A few weeks ago, we enjoyed Chanukah celebrations in every grade, ranging from the pre-school programs to the PHDS annual celebration attended by well over a hundred people, and the NEAT Chanukah Chagigah. At the same time, we have witnessed numerous anti-Semitic events over the past few weeks in the New York area, creating fear and uncertainty for the safety of Jews nationwide. One of the most inspiring aspects was the response of the Rebbe whose home was attacked. A few hours after the attack he hosted a Chanukah mesibah for his congregants and the next day danced at a hachnossas Sefer Torah which stopped at his home. Many in a similar situation would have canceled all events, but the Rebbe felt it necessary not to diminish the simchah of Chanukah and he would certainly not give the perpetrators of violence a victory. The Rebbe showed tremendous resilience in the face of adversity.
On January 1, the secular new year, more than ninety thousand Jews from multiple backgrounds and upbringings descended on Met Life stadium, where they were joined by tens of thousands of others by live stream to celebrate the thirteenth Siyum HaShas, culminating 2,711 days of learning a page a day of Talmud. Aside from the tremendous emotional celebration that affected the many families from Providence that participated, there was also the aspect of Kiddush Hashem that was spoken of by the many service and law enforcement personnel doing their jobs. They commented on the orderliness of the event, the thank yous, and the Happy New Year greetings; perhaps for this alone the Siyum was worth it. A policeman, the day after the event, stopped an Orthodox Jew for a traffic infraction traveling on the Garden State Parkway. As he had been stationed at the stadium the day before, he asked the rabbi he had just stopped, “Did you do your page yet today?” The rabbi said, “What page?” He answered, “You know, the page of Talmud. If you agree to study your page, I will let you off with a warning!” This is not just a nice story; it is indicative of the profound impact that the Siyum had on a non-Jewish policeman. My friend shared with me (unconfirmed) that a policeman said, “If this is what being Jewish is all about, I want to join them.”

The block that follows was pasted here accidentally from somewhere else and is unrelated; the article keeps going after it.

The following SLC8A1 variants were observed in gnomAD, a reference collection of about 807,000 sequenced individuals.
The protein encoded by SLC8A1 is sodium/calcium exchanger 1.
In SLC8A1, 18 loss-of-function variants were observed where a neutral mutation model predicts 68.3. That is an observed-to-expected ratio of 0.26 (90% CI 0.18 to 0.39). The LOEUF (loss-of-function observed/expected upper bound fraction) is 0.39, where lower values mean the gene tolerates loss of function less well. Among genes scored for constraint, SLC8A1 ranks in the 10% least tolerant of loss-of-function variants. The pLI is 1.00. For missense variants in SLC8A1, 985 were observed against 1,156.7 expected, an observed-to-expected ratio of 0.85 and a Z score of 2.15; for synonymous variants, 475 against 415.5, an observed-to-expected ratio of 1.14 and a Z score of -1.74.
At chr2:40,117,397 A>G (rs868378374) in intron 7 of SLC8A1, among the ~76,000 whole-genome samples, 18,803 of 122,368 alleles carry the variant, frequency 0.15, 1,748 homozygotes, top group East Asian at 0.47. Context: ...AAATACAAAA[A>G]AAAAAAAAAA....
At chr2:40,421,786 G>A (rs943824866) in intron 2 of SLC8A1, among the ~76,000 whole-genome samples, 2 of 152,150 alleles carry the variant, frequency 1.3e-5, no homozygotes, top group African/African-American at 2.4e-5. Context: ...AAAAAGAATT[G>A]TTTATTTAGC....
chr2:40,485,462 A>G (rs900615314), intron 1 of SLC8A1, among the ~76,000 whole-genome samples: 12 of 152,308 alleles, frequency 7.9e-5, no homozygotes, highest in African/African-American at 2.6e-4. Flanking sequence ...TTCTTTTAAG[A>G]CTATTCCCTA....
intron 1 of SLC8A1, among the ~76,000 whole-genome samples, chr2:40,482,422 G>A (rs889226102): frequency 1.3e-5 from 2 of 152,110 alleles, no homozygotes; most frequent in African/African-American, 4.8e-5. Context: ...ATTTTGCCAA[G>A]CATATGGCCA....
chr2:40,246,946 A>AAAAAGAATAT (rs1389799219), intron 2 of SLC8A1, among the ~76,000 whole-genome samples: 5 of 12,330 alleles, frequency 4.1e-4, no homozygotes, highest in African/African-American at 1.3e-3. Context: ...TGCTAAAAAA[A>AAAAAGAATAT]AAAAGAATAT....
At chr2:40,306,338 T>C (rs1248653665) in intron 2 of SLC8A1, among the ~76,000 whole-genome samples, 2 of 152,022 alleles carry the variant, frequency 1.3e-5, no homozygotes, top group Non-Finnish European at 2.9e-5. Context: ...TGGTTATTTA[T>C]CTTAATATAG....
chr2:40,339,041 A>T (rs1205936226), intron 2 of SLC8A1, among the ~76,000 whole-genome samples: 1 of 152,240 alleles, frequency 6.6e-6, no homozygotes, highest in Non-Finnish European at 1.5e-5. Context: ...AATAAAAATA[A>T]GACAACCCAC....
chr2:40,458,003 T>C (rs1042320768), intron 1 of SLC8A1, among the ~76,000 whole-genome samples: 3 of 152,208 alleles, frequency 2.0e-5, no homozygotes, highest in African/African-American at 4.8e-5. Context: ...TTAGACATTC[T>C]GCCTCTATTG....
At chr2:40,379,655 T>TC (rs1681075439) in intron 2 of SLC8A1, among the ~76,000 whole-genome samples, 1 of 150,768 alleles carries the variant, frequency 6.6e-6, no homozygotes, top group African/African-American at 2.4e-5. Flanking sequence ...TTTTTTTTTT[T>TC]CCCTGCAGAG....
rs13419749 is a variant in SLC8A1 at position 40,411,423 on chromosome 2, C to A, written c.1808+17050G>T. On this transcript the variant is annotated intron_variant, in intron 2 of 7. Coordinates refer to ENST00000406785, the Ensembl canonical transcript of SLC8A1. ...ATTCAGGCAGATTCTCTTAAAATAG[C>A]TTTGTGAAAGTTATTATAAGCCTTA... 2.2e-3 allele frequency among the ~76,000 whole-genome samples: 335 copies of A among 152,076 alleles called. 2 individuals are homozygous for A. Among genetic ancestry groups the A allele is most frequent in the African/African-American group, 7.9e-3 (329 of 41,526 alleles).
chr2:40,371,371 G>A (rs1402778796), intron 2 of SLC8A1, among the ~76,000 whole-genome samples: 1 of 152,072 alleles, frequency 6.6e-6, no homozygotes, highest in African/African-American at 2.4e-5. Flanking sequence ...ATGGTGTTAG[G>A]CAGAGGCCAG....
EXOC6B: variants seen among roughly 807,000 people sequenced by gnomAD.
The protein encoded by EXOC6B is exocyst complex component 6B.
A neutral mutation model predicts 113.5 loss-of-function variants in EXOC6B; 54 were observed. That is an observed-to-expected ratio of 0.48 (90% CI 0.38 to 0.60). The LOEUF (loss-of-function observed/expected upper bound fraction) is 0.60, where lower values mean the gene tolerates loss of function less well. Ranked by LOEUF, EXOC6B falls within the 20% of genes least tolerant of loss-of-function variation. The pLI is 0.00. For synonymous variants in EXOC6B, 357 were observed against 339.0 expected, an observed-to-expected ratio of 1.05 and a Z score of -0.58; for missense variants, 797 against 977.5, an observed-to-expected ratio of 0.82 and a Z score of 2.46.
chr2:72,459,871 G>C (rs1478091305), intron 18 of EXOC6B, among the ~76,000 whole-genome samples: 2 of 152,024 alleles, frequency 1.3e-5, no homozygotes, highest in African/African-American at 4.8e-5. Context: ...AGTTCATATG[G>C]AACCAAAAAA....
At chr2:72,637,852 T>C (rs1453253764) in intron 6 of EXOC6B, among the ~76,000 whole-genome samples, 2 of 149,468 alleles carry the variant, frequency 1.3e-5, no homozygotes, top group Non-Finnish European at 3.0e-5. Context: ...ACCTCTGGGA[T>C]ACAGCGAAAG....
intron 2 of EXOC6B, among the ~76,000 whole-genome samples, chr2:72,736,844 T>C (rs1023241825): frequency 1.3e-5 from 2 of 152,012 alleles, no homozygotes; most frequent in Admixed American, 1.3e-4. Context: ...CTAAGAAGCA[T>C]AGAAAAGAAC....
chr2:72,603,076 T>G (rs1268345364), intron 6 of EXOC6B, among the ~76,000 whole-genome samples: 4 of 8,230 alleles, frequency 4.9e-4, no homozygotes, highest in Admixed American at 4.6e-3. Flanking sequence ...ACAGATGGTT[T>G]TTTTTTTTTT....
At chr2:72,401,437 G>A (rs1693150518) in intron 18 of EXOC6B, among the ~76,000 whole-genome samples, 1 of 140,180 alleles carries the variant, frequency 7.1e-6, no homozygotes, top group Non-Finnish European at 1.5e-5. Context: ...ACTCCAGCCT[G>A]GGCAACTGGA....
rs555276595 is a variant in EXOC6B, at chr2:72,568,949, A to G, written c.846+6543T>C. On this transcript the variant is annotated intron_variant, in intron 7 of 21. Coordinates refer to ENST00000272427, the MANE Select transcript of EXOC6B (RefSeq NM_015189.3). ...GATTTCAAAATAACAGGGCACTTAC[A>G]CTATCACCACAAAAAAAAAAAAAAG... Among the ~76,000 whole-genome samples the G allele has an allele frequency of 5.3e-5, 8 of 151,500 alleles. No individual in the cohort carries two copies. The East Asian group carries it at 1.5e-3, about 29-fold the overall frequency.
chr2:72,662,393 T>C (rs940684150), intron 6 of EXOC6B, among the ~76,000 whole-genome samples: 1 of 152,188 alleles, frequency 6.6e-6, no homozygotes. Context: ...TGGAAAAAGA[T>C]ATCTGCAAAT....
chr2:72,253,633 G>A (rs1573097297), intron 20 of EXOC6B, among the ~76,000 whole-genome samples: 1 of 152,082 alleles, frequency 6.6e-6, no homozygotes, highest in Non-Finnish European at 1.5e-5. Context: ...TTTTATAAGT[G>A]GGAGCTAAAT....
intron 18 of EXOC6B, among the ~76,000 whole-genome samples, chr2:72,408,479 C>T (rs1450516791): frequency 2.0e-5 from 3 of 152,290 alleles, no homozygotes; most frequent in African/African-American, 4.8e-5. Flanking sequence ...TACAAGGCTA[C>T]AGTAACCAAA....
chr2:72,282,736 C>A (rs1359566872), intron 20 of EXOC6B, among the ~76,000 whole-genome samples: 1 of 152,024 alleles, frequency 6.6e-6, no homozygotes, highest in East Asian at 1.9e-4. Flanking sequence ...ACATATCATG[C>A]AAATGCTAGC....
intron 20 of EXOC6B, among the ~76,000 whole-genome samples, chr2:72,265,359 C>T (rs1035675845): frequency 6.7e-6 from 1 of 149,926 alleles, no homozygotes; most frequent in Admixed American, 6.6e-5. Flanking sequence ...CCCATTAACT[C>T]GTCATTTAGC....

I wanted to close with the personal inspiration that I had this week on multiple counts. At the Siyum several videos were shared relating to the 7½-year cycle of study that led up to the Siyum. There was a young man sick with the debilitating disease known as ALS. His body had begun to slowly shut down in response to this dreaded disease. Seven and a half years ago he had attended the Siyum and was inspired to begin studying the daf. Despite suffering from his illness, he began daily study in earnest until a time when the disease paralyzed his entire body. He continued to study the daf electronically with the use of his eyes and a special computer, and completed all of Shas. He was present at the Siyum.
One could not help but be awed by the Daf Yomi and these and other stories of commitment and inspiration. Rabbi Schwartz mentioned this Shabbos that while Daf Yomi is not for everybody, our renewed commitment to some form of Torah learning is achievable by everyone.
Lastly, I would like to wish a hearty mazel tov to the men who completed Shas in our community. I especially point out and wish mazel tov to our school rebbeim, Rabbi Menachem Zev Weissmann, who completed Shas, and Rabbi Yehuda Leib Brown, who finished Shas a few months ago. Talmidei Chachomim of their caliber are a pride both to the community and the school.
The Siyum HaShas culminated with a video depicting the destruction of yeshiva and Jewish life in Europe, followed by the recitation by Chazan Helfgott of Kel Molei Rachamim and a Kaddish in memory of the six million. This was personally moving to me and reminded me that like Rabbi Rottenberg who faced his attackers by celebrating on Chanukah, Klal Yisroel, led by the survivors of the war, came to the shores of America, and in the face of adversity educated the next generation of shomrei Torah umitzvos. Imagine, if the Lubliner Rav, Harav Shapiro, would have been able to look forward to the Siyum, he would have been “blown away” by the ninety thousand attendees, seeing the way Torah flourishes in America and worldwide today.
Let us remember, however, and hope that of equal importance to the learning was the Kiddush Hashem that was a “light unto the nations” on what it means to be a Jew.
Rabbi Peretz Scheinerman